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The information below was sent to U-M IT groups on March 3, 2020. It is intended for U-M IT staff who are responsible for university servers with Apache Tomcat installed. This includes servers running Red Hat Linux and other Linux distributions that include Apache Tomcat.


Learn to use Apache Tomcat as a JSP container, HTTP Web Server, etc., and understand configuration for security and scalability with examples. Latest version available is Apache Tomcat 8.5.X. Apache Tomcat Tutorial – Index Introduction to Apache Tomcat. This article will show you how to install Apache Tomcat Server and set up the Web Application Manager on Ubuntu 20.04 in 11 easy steps. Apache Tomcat Server can be installed right from Ubuntu’s software repository, which contains the latest, most stable version of the Tomcat server. Step 1: Update APT. First, as always, update your APT. JAVA x8664 Third-Party tomcat-9.0.36-lp152.252.1.noarch.rpm: Apache Servlet/JSP/EL Engine, RI for Servlet 4.0/JSP 2.3/EL 3.0 API: openSUSE Oss aarch64 Official tomcat-9.0.35-lp152.1.1.noarch.rpm. For the latest Tomcat 5.5 release, you should select JVM version 1.5.0 or later. Completing the Apache Tomcat Setup Wizard This is the final step of the installation. Select the Run Apache Tomcat checkbox. This starts the system service immediately after installation. Note that on some versions of Windows with a firewall, you might.

A vulnerability has been discovered in Apache Tomcat that could allow for reading and writing to files in the webapp directories of Tomcat. Apache Tomcat is an open-source web server that supports running Java code. Depending on the privileges associated with the application, an attacker exploiting the vulnerability could install programs; view, change, or delete data; or create new accounts with full user rights. Update to the latest version of Apache Tomcat as soon as possible after appropriate testing.


There is a vulnerability affecting all versions of Apache Tomcat that can be exploited to read or write files to a Tomcat server. Proof-of-concept code has been released to GitHub by multiple security researchers. Mass scanning activity targeting the vulnerability was detected over the weekend of February 29–March 1.

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Affected Versions

  • Apache Tomcat 9.x versions less than 9.0.31
  • Apache Tomcat 8.x versions less than 8.5.51
  • Apache Tomcat 7.x versions less than 7.0.100
  • Apache Tomcat 6.x versions (End of life, not patched)
  • Red Hat JBoss Web Server (JWS) versions 3.1.7 and 5.2.0
  • Red Hat JBoss Enterprise Application Platform (EAP) versions 6.x and 7.x
  • Red Hat Enterprise Linux (RHEL) versions 5.x ELS, 6.x, 7.x, and 8.x (as pki-servlet-container, pki-servlet-engine in pki-deps module)
  • Any apps that include Tomcat server

Action Items

Update as soon as possible after appropriate testing. The need for immediate action requires an expedited timeframe that supersedes the remediation timeframes in Vulnerability Management (DS-21). This is particularly important for any systems that allow access from untrusted networks, such as those exposed to access from the internet.

  • Update to the latest version of Apache Tomcat. Apache Tomcat has released versions 9.0.31, 8.5.51, and 7.0.100 to fix this vulnerability.
  • Red Hat recommends disabling the Apache JServ Protocol (AJP) connector in Tomcat if not used, or binding it to localhost port, since most of AJP's use is in cluster environments, and the 8009 port should never be exposed on the internet without strict access-control lists. The AJP connector is enabled by default on all Tomcat servers.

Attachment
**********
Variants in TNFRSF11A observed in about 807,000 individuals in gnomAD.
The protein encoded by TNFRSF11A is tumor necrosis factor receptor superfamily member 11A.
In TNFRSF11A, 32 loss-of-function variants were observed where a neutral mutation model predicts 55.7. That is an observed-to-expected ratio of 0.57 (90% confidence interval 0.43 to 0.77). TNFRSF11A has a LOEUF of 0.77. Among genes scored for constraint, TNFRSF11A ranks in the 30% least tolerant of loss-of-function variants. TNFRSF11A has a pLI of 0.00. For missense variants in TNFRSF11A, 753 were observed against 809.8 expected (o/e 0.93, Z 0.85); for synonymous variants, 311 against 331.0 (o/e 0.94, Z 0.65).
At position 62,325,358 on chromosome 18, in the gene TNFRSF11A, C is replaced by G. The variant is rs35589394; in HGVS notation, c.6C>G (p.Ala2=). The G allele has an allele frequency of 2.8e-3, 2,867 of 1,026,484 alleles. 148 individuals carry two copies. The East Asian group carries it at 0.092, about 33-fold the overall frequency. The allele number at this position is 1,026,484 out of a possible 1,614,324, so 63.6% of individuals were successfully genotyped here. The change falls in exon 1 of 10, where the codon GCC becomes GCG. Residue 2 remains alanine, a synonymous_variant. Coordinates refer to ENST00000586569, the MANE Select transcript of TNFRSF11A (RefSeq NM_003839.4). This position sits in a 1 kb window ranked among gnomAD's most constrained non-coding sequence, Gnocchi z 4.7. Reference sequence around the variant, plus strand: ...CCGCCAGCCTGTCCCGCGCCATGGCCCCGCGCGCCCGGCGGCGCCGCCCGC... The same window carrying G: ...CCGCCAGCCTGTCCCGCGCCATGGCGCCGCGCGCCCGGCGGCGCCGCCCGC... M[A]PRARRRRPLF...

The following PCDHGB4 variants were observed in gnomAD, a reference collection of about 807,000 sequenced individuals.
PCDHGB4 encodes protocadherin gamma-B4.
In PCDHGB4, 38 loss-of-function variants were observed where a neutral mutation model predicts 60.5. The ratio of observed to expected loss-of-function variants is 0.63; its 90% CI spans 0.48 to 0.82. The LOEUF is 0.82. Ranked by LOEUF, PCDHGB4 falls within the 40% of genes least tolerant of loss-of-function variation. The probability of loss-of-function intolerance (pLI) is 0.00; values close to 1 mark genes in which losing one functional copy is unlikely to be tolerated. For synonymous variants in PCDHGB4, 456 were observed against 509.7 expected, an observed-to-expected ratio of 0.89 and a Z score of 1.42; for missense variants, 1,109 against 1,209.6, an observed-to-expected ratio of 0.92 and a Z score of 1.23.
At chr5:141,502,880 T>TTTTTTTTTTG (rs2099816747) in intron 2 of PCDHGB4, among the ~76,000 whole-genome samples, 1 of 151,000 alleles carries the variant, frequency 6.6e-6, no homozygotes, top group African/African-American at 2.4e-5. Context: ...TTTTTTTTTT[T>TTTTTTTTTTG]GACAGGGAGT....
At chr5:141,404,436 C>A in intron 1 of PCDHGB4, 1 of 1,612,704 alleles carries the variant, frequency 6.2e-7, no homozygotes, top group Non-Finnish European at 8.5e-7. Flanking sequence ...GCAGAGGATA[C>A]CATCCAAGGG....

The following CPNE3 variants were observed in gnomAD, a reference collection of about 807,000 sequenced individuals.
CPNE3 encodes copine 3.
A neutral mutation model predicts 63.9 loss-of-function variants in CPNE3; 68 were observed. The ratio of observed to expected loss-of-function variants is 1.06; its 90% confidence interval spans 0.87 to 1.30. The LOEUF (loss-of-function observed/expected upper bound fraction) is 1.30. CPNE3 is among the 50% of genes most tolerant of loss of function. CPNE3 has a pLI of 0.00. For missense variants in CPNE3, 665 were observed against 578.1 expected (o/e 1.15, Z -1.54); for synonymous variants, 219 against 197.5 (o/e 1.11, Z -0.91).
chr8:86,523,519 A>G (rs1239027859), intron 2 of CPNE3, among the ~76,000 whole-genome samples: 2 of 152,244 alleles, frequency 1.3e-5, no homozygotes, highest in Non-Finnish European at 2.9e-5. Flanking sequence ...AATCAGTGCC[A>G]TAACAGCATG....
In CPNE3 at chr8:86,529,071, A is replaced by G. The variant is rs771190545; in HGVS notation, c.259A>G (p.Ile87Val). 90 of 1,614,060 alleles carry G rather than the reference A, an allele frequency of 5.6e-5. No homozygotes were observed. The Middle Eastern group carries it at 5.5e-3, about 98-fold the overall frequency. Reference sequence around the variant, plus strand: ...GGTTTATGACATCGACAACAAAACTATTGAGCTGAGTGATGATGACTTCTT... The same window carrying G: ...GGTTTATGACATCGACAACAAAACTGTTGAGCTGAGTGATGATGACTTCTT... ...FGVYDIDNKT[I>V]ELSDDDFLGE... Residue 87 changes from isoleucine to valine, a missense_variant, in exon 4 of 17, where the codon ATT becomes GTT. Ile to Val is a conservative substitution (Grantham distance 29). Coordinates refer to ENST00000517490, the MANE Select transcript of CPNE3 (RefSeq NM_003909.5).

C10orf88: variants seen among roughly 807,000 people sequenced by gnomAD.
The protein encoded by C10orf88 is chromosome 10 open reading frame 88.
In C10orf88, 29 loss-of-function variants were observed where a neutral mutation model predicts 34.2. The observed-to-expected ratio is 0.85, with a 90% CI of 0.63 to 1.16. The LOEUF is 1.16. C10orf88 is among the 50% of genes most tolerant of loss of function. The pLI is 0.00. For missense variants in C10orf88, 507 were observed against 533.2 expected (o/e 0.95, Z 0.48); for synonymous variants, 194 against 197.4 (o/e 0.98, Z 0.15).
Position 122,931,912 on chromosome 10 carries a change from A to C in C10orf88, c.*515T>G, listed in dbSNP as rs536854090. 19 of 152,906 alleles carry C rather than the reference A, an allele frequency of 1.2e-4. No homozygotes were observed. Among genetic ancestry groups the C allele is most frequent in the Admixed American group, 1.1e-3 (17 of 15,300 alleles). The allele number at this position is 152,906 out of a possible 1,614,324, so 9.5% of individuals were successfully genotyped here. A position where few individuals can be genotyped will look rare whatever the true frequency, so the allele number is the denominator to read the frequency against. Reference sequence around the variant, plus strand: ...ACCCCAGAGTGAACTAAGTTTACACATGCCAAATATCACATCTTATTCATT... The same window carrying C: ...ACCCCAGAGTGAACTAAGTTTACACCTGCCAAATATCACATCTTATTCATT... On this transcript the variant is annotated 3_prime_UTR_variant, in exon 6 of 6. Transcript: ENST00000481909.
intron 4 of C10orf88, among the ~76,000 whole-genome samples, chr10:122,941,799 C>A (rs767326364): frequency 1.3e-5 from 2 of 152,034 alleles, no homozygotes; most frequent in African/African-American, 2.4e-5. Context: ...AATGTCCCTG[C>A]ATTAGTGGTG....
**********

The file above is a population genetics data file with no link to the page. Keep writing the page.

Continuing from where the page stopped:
• If the Apache JServ Protocol (AJP) service is not required, disable it on the host.
  • If the AJP service does not need to be publicly accessible, ensure that access is filtered.
  • If your Linux distribution or apps include Tomcat, watch for updates from your vendor and apply them.


By exploiting the Ghostcat vulnerability, an attacker could read the contents of configuration files and source code files of all webapps deployed on Tomcat. In addition, if the website application allows users to upload files, an attacker could upload a file containing malicious code to the server and execute code remotely. Proof-of-concept code for testing or launching Ghostcat attacks proliferated on GitHub after public disclosure of the vulnerability in late February. Mass scanning activity targeting the vulnerability was detected over the weekend of February 29–March 1.

Technical Details

  • A vulnerability has been discovered in Apache Tomcat, which could allow for reading of arbitrary files on the affected system. The vulnerability exists in the Apache JServ Protocol (AJP), which is by default exposed over TCP port 8009 and enabled. The vulnerability can be exploited by an attacker who can communicate with the affected AJP protocol service. If the server is running a web application that allows for file uploads, a remote file inclusion vulnerability that could allow for remote code execution becomes exploitable. Successful exploitation of the vulnerability could allow an attacker to read arbitrary files on the affected server. Depending on the privileges associated with the application, an attacker could install programs; view, change, or delete data; or create new accounts with full user rights. If this application has been configured to have fewer user rights on the system, exploitation of the most severe of these vulnerabilities could have less impact than if it was configured with administrative rights.
  • Due to the inclusion of Apache Tomcat in Red Hat products, multiple vulnerabilities have been announced in Red Hat products, the most severe of which could allow for reading of arbitrary files on the affected system. CVE-2020-1938 is a file read/inclusion vulnerability in the AJP connector in Apache Tomcat. CVE-2020-1745 is a vulnerability very similar to CVE-2020-1938 but occurs in Apache Undertow. These vulnerabilities exist in the AJP protocol which is, by default, exposed over TCP port 8009 and enabled. An attacker with the ability to interact with the AJP protocol could exploit these vulnerabilities using specially crafted packets and/or files. Successful exploitation of these vulnerabilities could allow an attacker to read arbitrary files on the affected server or, in the case where file upload functionality is enabled, possibly execute code.


Chinese cybersecurity company Chaitin, which discovered the vulnerability, has made tools available to determine if a server is affected by Ghostcat. See Ghostcat (Chaitin).